<65 y 65-79 y ≥80 y
  BLT 185 173 173 (100) 169 (97.7) 168 (97.1) .02
  Counterstrain 184 162 160 (98.8) 156 (96.3) 154 (95.1) .06
  Cranial 197 196 187 (95.4) 183 (93.4) 180 (91.8) .06
  HVLA 177 150 149 (99.3) 90 (60) 48 (32.0) .000
  Lymphatics 182 170 168 (98.8) 162 (95.3) 164 (96.5) .05
  Muscle energy 187 177 175 (98.9) 165 (93.2) 151 (85.3) .000
  Rib raising 180 160 157 (98.1) 152 (95) 150 (93.8) .06
  Soft tissue 189 189 187 (98.9) 183 (96.8) 183 (96.8) .2
  Still technique 177 148 148 (100) 143 (96.6) 136 (91.9) .000
  Otherc 69 51 48 (94.1) 46 (90.2) 45 (88.2) .46

a Percentages are out of the total number of respondents who used this OMT technique.

b A Bonferroni correction adjusted the α level to account for the number of comparisons (.05/10 techniques). P values <.005 were considered statistically significant.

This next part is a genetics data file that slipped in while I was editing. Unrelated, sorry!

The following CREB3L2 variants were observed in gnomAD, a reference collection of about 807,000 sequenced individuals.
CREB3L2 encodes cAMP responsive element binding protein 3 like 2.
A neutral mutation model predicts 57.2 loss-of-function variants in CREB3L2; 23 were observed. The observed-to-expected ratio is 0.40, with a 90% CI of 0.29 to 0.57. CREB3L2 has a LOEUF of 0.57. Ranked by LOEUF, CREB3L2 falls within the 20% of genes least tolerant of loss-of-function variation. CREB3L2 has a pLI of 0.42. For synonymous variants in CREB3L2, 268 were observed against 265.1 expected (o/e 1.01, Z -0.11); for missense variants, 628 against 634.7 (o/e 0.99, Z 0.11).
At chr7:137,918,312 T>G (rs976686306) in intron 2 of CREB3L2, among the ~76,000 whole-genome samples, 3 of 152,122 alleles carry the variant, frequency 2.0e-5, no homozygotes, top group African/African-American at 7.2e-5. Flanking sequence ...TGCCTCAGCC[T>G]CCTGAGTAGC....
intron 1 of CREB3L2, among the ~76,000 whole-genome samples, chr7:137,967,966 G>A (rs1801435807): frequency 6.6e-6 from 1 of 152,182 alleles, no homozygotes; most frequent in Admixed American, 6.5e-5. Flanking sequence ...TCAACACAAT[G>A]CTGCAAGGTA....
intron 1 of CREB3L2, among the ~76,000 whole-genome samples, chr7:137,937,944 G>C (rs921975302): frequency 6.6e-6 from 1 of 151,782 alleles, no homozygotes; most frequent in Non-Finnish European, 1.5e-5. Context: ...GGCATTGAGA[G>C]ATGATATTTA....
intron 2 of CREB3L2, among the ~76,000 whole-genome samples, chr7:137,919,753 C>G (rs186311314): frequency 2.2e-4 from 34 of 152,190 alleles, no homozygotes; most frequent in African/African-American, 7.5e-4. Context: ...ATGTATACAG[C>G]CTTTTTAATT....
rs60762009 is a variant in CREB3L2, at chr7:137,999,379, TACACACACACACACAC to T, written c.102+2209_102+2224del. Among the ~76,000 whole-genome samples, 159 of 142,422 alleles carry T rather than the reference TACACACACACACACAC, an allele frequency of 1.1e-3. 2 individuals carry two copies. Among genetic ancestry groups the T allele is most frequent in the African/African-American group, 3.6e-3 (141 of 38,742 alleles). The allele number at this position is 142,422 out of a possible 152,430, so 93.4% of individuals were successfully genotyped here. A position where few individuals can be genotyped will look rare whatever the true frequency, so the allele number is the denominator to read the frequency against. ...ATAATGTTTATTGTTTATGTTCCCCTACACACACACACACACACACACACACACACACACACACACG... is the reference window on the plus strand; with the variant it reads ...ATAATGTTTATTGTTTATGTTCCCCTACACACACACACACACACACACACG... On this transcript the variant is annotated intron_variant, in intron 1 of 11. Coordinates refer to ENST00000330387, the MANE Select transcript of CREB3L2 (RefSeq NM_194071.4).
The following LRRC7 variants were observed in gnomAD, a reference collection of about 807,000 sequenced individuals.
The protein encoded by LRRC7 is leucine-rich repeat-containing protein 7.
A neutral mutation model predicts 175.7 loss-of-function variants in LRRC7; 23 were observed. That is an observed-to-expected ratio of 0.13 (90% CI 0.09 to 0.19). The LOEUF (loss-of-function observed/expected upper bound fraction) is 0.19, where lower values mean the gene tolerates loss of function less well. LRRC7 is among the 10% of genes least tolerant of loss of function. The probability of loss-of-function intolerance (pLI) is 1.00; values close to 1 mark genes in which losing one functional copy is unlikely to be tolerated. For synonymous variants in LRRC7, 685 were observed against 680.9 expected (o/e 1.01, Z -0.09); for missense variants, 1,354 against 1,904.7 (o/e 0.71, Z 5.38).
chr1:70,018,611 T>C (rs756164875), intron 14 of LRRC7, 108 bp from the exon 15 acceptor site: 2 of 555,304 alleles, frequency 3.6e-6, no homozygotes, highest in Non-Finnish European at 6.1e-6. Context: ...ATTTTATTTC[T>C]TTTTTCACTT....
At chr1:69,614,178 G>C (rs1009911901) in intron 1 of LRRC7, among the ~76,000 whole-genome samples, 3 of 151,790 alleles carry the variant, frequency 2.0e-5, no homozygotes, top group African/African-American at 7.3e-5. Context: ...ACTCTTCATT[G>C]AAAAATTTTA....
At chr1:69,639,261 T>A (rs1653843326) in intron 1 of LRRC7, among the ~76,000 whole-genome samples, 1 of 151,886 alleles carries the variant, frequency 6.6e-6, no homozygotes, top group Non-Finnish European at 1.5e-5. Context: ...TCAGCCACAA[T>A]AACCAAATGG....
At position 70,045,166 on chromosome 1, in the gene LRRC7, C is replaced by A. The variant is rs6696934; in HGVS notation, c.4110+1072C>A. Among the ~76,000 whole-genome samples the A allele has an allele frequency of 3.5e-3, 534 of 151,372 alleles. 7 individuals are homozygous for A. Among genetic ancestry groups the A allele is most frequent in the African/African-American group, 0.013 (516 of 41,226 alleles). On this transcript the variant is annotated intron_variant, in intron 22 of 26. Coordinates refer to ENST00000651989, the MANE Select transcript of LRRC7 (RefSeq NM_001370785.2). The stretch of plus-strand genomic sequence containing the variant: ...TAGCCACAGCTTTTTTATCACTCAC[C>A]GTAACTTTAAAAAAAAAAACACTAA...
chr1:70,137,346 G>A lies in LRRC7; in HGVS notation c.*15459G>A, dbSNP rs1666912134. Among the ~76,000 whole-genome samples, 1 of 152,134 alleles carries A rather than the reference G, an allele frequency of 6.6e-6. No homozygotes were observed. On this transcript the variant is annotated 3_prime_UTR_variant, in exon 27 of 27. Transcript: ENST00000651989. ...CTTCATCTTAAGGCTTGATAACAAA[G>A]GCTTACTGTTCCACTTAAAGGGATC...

c Other responses most often referred to a wide array of other techniques.

Abbreviations: BLT, balanced ligamentous tension; HVLA, high-velocity, low-amplitude; OMT, osteopathic manipulative treatment.

Table 4.
A National Survey of Osteopathic Physicians: OMT Techniques Applied to Older Patients
OMT Technique Total Responses No. Who Use OMT Patient Age, No. (%)a P Valueb
<65 y 65-79 y ≥80 y
  BLT 185 173 173 (100) 169 (97.7) 168 (97.1) .02
  Counterstrain 184 162 160 (98.8) 156 (96.3) 154 (95.1) .06
  Cranial 197 196 187 (95.4) 183 (93.4) 180 (91.8) .06
  HVLA 177 150 149 (99.3) 90 (60) 48 (32.0) .000
  Lymphatics 182 170 168 (98.8) 162 (95.3) 164 (96.5) .05
  Muscle energy 187 177 175 (98.9) 165 (93.2) 151 (85.3) .000
  Rib raising 180 160 157 (98.1) 152 (95) 150 (93.8) .06
  Soft tissue 189 189 187 (98.9) 183 (96.8) 183 (96.8) .2
  Still technique 177 148 148 (100) 143 (96.6) 136 (91.9) .000
  Otherc 69 51 48 (94.1) 46 (90.2) 45 (88.2) .46

a Percentages are out of the total number of respondents who used this OMT technique.